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  3. amoy

    amoy Senior Member Senior Member

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    China pursues global satellite navigation capabilities with expanded Beidou-2/Compass constellation - IHS Jane's 360

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    China aims to achieve global coverage with its indigenous Beidou-2/Compass Navigation Satellite System by 2020.
    Source: China National Administration of GNSS and Applications


    China has expanded the coverage of its indigenous Beidou global navigation and positioning network with the successful launch and insertion of a new satellite into medium earth orbit (MEO) on 31 March.

    According to a statement by the China Academy of Launch Vehicle Technology (CALT), the launch was conducted by the China Aerospace Science & Technology Corporation (CASC) - the country's premier space agency - from the Xichang Satellite Launch Centre in the south-western province of Sichuan on a modified Long March 3C launch vehicle developed by CALT.

    The agency also claims that the modified four-stage launch vehicle, which it designates "Expedition 1", was specifically designed to accommodate one or more "next generation" satellite payloads for insertion into a range of orbits, a capability which it said was unprecedented for the country.

    The latest satellite achieved successful separation from the launch vehicle after a six-hour flight and was inserted into MEO at about 4.52 am. It is the 17th unit to be made operational for the current Beidou-2 constellation, which is formally known as the Compass Navigation Satellite System (CNSS).

    According to CALT, the satellite - which is designed by the Shanghai Engineering Center for Microsatellites (SECM) - will test new navigation signalling and inter-satellite communication links, defining the necessary protocols for a future network that will be capable of providing global coverage.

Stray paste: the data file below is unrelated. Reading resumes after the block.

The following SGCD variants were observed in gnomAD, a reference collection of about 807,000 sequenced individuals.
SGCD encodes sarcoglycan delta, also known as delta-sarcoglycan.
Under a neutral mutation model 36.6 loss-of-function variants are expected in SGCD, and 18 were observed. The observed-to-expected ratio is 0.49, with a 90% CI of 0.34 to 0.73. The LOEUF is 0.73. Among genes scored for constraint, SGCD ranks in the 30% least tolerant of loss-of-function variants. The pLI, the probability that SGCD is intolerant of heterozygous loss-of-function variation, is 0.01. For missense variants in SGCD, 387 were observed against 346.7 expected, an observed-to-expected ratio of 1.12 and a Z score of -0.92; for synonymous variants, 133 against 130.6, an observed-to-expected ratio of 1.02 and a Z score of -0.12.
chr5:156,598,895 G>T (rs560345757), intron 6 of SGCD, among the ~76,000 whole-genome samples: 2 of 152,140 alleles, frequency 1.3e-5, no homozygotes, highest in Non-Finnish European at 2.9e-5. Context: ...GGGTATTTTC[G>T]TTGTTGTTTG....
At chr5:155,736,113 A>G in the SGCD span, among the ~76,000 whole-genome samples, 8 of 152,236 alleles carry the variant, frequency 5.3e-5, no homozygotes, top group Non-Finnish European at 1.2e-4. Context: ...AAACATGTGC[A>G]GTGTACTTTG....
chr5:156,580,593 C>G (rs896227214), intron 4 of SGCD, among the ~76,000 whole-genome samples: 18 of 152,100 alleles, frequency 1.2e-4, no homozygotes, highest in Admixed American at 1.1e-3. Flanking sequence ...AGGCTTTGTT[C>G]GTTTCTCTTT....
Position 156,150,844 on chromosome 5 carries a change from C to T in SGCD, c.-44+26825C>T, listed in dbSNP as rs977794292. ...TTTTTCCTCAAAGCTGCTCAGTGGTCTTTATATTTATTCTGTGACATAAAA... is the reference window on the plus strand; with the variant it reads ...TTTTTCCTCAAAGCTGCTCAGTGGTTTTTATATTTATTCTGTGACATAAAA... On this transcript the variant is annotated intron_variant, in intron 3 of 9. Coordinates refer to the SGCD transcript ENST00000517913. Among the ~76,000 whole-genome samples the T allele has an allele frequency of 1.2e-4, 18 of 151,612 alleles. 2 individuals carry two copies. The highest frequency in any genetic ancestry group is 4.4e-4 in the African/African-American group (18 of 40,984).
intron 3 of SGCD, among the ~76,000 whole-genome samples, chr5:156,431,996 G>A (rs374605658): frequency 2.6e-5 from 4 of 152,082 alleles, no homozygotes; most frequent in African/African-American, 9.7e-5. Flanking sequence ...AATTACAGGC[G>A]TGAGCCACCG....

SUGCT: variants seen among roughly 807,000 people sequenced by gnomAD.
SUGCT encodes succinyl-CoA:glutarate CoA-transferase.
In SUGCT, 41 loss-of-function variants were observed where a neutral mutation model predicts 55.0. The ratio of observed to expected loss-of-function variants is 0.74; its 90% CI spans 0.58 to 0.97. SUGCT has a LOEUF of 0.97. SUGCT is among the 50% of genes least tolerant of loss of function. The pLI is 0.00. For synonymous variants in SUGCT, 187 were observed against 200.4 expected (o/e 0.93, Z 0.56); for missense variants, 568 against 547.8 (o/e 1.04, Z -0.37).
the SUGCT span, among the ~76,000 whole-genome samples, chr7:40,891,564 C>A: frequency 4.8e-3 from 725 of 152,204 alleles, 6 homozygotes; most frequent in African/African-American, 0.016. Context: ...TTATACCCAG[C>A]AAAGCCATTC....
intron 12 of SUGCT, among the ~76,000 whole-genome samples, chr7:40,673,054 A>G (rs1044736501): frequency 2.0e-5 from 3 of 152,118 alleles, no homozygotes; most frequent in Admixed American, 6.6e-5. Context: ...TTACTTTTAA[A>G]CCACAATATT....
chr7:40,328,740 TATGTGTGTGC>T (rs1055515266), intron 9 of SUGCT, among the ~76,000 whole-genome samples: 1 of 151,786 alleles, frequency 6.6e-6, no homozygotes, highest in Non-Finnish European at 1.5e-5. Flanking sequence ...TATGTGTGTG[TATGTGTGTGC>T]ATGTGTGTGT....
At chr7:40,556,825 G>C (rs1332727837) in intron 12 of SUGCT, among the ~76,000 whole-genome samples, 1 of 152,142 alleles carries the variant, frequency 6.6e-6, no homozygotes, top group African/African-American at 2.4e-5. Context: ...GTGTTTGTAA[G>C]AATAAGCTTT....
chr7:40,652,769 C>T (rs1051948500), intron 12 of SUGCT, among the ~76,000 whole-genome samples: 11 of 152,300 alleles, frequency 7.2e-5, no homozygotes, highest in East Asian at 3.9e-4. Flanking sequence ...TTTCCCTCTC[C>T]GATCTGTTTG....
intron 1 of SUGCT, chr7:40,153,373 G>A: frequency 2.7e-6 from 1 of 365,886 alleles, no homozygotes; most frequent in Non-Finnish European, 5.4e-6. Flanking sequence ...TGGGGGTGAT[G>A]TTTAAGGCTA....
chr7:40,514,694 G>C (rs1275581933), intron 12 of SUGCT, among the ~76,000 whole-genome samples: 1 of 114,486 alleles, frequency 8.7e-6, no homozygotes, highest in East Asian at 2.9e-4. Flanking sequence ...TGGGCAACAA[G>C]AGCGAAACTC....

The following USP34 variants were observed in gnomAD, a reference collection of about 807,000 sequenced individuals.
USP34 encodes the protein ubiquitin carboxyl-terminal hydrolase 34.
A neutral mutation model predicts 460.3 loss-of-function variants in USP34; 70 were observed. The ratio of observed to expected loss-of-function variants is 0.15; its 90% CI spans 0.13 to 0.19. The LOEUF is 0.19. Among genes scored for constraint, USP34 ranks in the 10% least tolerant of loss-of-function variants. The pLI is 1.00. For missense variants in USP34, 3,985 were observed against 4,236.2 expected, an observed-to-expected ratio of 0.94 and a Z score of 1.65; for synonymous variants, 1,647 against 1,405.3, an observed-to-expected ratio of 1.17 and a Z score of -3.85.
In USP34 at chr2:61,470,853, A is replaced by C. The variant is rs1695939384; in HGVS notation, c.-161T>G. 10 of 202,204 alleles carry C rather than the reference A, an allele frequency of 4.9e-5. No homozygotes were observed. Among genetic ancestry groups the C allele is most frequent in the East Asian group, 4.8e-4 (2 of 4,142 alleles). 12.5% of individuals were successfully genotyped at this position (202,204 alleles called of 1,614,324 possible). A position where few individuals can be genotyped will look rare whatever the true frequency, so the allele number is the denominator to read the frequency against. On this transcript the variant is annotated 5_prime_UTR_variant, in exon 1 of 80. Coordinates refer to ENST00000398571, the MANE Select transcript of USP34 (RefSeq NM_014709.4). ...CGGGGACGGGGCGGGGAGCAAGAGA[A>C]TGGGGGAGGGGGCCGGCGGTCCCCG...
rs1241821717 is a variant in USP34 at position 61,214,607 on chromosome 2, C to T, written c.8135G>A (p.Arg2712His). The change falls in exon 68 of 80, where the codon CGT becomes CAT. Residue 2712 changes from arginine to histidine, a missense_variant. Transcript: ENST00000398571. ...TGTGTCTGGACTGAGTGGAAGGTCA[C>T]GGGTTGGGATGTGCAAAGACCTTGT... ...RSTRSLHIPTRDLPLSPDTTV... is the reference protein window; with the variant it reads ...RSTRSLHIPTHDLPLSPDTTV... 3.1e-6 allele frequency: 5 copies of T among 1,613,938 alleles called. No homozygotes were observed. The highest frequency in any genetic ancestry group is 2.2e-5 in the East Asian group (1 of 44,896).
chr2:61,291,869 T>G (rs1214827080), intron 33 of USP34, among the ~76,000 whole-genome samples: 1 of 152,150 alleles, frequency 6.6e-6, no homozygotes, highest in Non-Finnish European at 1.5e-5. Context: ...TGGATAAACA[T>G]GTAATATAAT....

Yang Changfeng, the chief designer of the Beidou-2/CNSS system, reportedly told local media that China would launch up to four Beidou navigation satellites in 2015.

    According to the IHS Jane's Space Systems and Industry reference, the regional Compass system reached its full complement of 16 operational Beidou navigation satellites in November 2012, a number which comprises six geostationary (GEO) satellites, five MEO satellites, and five satellites in inclined geostationary orbits (IGSO).

    China aims to achieve global coverage with the CNY400 billion (USD65 billion) Beidou-2/CNSS network by 2020, with a constellation that will reportedly include three IGSO, five GEO, and 27 MEO satellites. If successfully implemented, China will be the third country in the world after the US and Russia to possess an independent global satellite navigation system.

    The original Beidou programme has its genesis as a 1983 military initiative which sought to validate a Twinsat regional navigation system concept using two geostationary satellites. It was successfully tested with two DFH-2/2A communications satellites in 1989 and was approved for further development in 1993. Its successor programme, Beidou-2/Compass, officially commenced in October 2006.